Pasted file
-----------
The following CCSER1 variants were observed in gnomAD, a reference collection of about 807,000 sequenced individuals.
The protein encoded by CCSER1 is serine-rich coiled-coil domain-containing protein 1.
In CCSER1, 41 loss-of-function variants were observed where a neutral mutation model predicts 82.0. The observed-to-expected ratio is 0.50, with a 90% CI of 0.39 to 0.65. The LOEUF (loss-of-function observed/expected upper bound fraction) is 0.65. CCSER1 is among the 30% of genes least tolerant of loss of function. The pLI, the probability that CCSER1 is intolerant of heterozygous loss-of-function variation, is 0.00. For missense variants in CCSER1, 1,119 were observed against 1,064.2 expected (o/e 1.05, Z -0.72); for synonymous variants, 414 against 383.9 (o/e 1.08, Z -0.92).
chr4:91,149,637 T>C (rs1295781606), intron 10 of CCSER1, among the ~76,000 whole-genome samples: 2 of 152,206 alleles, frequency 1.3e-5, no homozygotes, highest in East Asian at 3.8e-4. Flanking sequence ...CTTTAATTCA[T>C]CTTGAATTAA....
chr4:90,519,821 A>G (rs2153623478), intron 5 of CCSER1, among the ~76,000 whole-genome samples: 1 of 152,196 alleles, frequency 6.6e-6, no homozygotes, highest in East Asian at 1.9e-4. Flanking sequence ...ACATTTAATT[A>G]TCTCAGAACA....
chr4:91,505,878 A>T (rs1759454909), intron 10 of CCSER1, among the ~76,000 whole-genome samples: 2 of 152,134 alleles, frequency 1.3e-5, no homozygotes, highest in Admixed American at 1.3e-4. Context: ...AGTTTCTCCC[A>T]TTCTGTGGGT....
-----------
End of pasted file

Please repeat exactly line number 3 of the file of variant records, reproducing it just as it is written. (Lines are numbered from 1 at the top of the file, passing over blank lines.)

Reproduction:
In CCSER1, 41 loss-of-function variants were observed where a neutral mutation model predicts 82.0. The observed-to-expected ratio is 0.50, with a 90% CI of 0.39 to 0.65. The LOEUF (loss-of-function observed/expected upper bound fraction) is 0.65. CCSER1 is among the 30% of genes least tolerant of loss of function. The pLI, the probability that CCSER1 is intolerant of heterozygous loss-of-function variation, is 0.00. For missense variants in CCSER1, 1,119 were observed against 1,064.2 expected (o/e 1.05, Z -0.72); for synonymous variants, 414 against 383.9 (o/e 1.08, Z -0.92).